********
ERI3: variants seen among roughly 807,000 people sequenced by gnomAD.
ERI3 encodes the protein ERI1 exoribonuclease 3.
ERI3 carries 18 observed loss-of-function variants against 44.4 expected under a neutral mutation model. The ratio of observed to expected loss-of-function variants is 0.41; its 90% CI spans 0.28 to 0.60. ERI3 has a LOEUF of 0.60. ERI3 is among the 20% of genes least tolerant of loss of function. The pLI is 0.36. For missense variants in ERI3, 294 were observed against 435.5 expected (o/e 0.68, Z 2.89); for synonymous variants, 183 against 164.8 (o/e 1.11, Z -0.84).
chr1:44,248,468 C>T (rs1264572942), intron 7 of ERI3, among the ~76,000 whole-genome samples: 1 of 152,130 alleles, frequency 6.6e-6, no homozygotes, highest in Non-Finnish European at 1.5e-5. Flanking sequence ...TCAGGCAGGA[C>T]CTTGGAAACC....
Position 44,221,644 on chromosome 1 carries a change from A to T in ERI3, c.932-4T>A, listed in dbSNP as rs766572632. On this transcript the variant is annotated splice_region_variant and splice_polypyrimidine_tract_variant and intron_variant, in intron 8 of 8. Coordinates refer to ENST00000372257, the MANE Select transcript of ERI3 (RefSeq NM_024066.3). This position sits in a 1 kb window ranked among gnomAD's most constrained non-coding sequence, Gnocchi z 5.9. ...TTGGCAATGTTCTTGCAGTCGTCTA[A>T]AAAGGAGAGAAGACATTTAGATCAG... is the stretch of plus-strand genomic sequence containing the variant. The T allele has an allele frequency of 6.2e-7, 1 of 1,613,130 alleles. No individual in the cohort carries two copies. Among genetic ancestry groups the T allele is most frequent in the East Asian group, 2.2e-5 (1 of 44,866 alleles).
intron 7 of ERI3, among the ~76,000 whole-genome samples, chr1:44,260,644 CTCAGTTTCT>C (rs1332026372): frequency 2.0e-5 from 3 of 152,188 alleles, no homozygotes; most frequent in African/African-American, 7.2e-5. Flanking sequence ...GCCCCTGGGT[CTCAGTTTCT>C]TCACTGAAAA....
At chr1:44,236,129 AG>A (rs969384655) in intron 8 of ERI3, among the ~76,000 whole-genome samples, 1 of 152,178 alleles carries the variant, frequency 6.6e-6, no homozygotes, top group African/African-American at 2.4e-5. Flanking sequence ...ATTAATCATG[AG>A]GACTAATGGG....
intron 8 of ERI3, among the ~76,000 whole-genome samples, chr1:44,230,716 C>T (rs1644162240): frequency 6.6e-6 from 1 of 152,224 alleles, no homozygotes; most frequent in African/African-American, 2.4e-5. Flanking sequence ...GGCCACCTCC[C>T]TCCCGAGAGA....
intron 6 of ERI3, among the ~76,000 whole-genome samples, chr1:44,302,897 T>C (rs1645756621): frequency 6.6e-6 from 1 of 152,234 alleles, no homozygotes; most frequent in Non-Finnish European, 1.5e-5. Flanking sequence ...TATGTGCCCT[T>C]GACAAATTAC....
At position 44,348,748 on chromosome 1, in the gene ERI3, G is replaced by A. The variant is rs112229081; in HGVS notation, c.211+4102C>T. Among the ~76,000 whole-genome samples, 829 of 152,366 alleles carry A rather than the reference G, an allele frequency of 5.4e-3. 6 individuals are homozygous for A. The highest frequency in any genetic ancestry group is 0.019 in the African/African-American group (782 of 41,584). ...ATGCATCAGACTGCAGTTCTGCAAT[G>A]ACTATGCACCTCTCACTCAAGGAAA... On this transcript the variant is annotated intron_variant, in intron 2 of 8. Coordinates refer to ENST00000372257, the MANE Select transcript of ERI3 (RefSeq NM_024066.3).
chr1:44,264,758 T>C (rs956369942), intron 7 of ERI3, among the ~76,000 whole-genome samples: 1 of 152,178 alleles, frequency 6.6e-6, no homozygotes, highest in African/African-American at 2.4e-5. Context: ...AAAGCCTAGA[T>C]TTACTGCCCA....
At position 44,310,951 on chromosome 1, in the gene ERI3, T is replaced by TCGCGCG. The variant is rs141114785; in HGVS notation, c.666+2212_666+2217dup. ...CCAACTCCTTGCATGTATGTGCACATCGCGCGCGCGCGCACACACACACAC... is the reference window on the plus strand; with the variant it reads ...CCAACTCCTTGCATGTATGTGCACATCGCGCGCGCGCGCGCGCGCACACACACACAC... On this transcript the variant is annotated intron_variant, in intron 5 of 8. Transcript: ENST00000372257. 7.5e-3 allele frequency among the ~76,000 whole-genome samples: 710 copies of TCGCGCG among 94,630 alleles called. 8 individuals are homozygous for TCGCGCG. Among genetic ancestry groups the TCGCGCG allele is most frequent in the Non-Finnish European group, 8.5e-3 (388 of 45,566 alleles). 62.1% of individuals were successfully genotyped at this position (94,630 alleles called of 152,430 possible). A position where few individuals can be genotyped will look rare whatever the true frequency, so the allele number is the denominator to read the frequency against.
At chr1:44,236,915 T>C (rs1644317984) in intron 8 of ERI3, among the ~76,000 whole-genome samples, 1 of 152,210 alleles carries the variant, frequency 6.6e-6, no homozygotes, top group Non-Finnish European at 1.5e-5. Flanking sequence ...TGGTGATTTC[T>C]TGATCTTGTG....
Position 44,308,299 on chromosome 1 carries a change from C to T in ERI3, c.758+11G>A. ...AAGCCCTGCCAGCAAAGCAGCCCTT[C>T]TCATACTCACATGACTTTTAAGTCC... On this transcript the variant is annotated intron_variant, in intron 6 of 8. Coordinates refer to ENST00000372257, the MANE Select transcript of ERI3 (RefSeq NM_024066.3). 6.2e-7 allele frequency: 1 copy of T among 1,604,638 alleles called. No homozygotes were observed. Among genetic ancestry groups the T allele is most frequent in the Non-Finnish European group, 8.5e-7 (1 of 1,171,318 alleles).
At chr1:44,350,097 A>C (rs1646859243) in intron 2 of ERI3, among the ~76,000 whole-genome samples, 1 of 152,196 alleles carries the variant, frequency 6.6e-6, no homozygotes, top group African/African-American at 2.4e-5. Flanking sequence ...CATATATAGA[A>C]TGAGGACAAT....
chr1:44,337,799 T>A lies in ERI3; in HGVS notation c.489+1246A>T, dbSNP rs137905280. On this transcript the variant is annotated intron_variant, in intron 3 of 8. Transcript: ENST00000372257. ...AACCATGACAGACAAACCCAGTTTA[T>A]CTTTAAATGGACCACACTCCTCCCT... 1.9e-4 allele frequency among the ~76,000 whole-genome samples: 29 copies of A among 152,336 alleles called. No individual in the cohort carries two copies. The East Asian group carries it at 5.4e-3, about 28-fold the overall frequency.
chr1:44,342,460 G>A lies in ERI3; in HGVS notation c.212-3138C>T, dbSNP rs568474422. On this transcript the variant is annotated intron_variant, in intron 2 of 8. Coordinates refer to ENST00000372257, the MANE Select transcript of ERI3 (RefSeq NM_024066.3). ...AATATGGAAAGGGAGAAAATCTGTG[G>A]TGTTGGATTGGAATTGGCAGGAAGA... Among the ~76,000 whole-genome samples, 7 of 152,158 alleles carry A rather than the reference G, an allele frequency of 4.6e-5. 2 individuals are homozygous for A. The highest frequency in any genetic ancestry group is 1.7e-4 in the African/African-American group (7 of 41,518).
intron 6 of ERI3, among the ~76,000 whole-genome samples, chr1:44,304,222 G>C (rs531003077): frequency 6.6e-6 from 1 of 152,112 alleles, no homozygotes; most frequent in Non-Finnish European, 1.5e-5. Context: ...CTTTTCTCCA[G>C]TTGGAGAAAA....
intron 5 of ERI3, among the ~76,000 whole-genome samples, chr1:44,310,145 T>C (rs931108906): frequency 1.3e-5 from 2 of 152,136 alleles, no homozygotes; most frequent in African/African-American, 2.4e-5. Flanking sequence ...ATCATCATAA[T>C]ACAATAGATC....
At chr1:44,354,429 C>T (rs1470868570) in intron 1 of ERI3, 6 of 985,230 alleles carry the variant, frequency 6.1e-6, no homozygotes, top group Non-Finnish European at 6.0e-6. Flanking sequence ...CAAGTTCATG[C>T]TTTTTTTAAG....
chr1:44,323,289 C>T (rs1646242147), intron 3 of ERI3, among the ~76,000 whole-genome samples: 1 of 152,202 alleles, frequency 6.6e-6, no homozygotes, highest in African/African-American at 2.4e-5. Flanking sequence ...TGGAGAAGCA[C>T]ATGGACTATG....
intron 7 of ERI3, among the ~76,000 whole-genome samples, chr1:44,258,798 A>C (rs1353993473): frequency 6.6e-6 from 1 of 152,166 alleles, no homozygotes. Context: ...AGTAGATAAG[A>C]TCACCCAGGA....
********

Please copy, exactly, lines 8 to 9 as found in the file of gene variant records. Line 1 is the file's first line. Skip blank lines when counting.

intron 8 of ERI3, among the ~76,000 whole-genome samples, chr1:44,230,716 C>T (rs1644162240): frequency 6.6e-6 from 1 of 152,224 alleles, no homozygotes; most frequent in African/African-American, 2.4e-5. Flanking sequence ...GGCCACCTCC[C>T]TCCCGAGAGA....
intron 6 of ERI3, among the ~76,000 whole-genome samples, chr1:44,302,897 T>C (rs1645756621): frequency 6.6e-6 from 1 of 152,234 alleles, no homozygotes; most frequent in Non-Finnish European, 1.5e-5. Flanking sequence ...TATGTGCCCT[T>C]GACAAATTAC....